It’s an impediment to us being bold. If we do have a worldview that says, “Okay, I think it’s possible that God could …” Here are a couple things that, I take notes in the front. I don’t know why I do that, but I just write down things in the front of books. You probably do something. You got your own method. The first decision, those who assume miracles are not possible are wasting their time looking for proof of existence in texts. In other words, this is Lewis, not me. He’s saying it’s a waste of time for somebody who doesn’t believe in the possibility of miracles to be looking for proof of their existence by reading about miracles. The first decision is to help people understand the possibility of the supernatural.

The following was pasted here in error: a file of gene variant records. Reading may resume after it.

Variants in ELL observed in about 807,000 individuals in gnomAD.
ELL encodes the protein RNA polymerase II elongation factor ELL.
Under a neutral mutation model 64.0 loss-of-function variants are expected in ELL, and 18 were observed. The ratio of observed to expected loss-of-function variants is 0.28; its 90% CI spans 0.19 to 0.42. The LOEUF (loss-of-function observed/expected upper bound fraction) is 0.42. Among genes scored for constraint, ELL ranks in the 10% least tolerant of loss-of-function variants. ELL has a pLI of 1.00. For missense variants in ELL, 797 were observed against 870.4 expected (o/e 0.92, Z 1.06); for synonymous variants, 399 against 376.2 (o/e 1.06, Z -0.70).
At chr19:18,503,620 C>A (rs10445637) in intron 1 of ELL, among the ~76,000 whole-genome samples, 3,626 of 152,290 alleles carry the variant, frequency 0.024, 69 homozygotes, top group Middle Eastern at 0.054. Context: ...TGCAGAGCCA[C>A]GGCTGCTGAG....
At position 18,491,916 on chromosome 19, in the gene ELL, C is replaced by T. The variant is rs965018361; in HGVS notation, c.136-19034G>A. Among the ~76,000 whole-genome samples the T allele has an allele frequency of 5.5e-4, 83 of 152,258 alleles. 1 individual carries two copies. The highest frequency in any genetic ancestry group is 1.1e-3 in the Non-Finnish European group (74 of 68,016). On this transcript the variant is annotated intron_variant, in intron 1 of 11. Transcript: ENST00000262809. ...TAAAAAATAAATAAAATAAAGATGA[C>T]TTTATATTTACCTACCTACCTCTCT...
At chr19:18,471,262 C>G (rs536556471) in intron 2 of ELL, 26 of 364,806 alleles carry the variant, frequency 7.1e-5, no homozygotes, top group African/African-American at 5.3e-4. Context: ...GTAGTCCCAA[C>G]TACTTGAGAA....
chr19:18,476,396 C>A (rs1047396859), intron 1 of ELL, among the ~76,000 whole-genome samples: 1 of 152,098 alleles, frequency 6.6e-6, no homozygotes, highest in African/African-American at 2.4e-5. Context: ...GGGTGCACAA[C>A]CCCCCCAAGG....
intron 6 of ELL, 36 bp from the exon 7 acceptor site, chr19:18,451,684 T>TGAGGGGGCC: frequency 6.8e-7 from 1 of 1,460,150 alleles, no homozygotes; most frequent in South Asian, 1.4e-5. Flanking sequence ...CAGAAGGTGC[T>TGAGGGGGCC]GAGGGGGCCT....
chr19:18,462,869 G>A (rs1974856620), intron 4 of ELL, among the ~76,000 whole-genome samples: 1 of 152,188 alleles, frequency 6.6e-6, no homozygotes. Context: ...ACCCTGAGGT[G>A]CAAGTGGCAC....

The second decision, he didn’t say this was the second decision, but it seems like it. Does God ever do anything to his creation beyond the general character which he gave it? Would it not make sense, that’s the third thing there, that if a farmer saw that a row of corn wasn’t getting enough fertilizer, that he might add a little extra? I am out of time. Third decision is nature … Read the book. You might be ridiculed, but the reason we want to be bold is because even though you might be ridiculed, dismissed, diminished, persecuted, whatever it is, we know that some will believe. That’s why we want to not explain miracles away, but be bold explaining them because miracles do release faith. That’s the Big Idea today. Miracles release faith so boldly explain them. Don’t explain them away.